St Nicholas at Wade Wesleyan Methodist Chapel
stands on the eastern side of Down Barton Road, near Bridges Close
junction, in St Nicholas at Wade, which itself is near Birchington in
Kent. The chapel was constructed by the Wesleyan Methodists in 1822,
and it was certainly still in use in 1881, according to the Ordnance
Survey map. It may have closed in the late 1960s, probably when it was
replaced (see below). The building is now a private residence.
St Nicholas at Wade Methodist Church, Manor
Hall stands on the western side of Manor Road, approximately
forty metres (yards) north of the turning for Manor Lea Road. This
is a little way to the east of the former Wesleyan chapel in the
village (see above), and this plan red brick building was probably a
direct replacement for that earlier chapel. In 1936 there was also a
Brethren Meeting Room in St Nicholas at Wade, but its history
and fate are unknown.
Sarre Primitive Methodist Chapel stands
some way back from the north-eastern side of Old Road in Sarre, near
Minster, at the end of a short L-shaped side path about fifty metres
(yards) from the Island Road junction. This chapel was founded at an
unknown date, possibly in the mid or late 1800s. Now it is a private
residence, and little of it can be seen behind the thick tree cover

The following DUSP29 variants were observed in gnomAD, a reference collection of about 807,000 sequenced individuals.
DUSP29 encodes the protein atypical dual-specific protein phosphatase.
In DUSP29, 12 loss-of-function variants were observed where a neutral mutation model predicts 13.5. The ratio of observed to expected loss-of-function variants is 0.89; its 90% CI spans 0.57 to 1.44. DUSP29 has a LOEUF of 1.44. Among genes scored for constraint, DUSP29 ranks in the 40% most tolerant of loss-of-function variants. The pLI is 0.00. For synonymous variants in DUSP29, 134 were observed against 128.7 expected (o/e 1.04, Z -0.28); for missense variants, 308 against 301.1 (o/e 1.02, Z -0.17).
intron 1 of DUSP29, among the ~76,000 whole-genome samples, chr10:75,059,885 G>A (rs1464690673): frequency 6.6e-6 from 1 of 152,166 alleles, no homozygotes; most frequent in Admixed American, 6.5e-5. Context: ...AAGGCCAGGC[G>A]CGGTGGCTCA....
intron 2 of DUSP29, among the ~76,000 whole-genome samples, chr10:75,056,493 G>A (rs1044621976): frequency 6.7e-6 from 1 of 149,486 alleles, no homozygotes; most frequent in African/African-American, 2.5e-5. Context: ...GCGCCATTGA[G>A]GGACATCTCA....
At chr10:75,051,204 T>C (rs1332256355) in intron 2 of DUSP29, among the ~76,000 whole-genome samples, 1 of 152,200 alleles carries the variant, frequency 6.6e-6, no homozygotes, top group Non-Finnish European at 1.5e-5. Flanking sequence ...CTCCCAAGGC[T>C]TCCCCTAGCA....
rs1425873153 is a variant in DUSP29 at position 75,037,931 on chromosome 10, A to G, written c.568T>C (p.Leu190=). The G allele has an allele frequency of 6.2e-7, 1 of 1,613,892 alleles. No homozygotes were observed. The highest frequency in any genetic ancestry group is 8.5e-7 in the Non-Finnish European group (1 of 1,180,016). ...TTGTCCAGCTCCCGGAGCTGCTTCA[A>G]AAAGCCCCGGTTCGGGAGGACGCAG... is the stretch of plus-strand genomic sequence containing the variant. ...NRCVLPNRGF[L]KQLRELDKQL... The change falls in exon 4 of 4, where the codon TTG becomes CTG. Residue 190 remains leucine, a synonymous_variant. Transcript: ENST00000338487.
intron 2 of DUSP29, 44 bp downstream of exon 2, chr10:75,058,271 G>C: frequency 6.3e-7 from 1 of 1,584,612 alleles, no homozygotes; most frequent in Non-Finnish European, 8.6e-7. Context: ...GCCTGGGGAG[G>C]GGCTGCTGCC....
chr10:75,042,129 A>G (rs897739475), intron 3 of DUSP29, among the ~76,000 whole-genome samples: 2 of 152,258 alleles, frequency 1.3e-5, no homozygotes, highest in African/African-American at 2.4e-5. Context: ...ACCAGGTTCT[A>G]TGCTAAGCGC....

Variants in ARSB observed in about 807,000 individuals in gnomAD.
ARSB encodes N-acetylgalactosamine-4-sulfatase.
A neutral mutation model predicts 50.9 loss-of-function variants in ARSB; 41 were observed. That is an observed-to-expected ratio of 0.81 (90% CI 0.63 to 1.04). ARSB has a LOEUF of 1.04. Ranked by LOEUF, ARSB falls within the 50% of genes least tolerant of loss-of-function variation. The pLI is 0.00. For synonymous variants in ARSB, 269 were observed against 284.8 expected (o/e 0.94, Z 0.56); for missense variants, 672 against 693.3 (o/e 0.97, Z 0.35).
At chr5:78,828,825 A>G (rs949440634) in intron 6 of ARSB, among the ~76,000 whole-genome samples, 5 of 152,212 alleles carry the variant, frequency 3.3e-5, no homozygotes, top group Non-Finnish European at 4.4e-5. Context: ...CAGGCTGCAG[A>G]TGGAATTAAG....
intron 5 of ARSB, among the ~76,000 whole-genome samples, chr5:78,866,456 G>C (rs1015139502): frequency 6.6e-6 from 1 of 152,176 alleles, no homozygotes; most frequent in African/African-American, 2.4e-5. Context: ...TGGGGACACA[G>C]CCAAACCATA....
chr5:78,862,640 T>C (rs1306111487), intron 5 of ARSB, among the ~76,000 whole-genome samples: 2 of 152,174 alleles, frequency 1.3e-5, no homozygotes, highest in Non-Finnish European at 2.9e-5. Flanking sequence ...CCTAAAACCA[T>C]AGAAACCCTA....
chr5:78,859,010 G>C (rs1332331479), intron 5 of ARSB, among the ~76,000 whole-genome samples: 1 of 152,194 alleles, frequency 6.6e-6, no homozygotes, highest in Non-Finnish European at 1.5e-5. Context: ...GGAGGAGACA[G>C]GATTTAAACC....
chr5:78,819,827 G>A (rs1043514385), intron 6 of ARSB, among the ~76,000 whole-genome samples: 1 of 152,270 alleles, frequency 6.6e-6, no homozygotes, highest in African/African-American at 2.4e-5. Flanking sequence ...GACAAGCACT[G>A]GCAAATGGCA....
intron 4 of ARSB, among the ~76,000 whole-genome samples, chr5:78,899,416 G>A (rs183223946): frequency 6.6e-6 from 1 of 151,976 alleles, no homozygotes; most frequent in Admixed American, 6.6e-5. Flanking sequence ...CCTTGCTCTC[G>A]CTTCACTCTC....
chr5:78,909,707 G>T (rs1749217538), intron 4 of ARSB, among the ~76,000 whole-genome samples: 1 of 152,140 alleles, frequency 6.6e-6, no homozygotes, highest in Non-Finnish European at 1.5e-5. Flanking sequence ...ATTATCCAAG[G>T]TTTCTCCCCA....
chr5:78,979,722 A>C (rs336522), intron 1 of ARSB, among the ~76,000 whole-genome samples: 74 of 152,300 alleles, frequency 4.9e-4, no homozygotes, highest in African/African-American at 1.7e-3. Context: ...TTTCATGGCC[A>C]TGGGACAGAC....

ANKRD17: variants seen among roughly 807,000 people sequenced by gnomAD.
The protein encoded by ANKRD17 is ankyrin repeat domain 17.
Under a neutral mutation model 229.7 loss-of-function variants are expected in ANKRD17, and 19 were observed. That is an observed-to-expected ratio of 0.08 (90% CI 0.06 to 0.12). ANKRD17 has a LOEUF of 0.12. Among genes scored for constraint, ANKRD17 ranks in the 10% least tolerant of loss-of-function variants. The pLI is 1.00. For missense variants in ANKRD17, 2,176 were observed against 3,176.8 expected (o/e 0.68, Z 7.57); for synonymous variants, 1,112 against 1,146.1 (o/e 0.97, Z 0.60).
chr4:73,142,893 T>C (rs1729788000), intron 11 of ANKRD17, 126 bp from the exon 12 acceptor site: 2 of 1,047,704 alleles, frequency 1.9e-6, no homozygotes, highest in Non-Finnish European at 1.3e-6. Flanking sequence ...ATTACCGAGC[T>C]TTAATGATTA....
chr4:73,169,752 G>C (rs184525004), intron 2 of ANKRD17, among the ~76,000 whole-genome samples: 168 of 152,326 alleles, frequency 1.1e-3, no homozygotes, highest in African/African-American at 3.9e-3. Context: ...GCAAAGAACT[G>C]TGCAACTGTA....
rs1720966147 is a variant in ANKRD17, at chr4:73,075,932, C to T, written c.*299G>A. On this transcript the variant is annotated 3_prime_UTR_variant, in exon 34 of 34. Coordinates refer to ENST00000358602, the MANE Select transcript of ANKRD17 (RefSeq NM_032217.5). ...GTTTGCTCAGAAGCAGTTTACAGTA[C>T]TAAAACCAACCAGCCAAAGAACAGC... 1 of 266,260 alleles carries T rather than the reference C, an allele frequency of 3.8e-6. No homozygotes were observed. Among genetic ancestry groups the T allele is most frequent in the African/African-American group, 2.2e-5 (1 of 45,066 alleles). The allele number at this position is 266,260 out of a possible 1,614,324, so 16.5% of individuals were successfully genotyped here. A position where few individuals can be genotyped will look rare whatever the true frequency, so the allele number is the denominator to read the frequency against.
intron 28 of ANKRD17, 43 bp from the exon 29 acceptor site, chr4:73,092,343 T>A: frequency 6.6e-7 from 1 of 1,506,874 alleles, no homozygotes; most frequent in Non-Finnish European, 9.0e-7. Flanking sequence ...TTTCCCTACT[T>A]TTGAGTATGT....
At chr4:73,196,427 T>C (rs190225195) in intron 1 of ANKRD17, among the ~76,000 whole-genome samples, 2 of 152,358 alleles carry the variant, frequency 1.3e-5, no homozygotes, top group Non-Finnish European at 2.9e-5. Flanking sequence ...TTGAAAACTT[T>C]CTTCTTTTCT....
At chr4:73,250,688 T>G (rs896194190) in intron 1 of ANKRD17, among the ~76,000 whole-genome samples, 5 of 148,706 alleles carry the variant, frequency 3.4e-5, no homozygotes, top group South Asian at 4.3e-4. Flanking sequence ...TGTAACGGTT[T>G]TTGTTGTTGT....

without being intrusive and stepping directly into what is now a
St Mary Magdalene Monkton stands alongside
Monkton Court, on the southern side of Monkton Street, roughly midway
between the A253 and Millers Lane in Monkton, near Minster. The village
was recorded in Domesday in 1086 as Monocstune ('Monks' town'), as it
was a possession of the priory of Christchurch in Canterbury. The
present church was built in the late twelfth century, although given
the link with Canterbury there may have been an earlier church here.
The church is set up high on a hill overlooking
what was once the Wantsum Channel and is extremely exposed to winds.
The building was reduced in size and altered in the fifteenth century.
This was probably when the five-bay north arcade was removed, following
the withdrawal of the monks from the area. The church now consists of
chancel, and nave with north porch and a three-stage west tower. The
north porch was restored in 1860, along with other elements.
Monkton Methodist Church lies in a very
narrow plot on the northern side of Monkton Street, approximately
130 metres (yards) east of the Willets Hill junction in Monkton.
The small chapel building existed before 1913, at which time the
site was open on both sides, with no neighbouring buildings. The
narrow street was gradually built up over the subsequent century
during which the church remained operational, so that today it is
a tricky subject to photograph.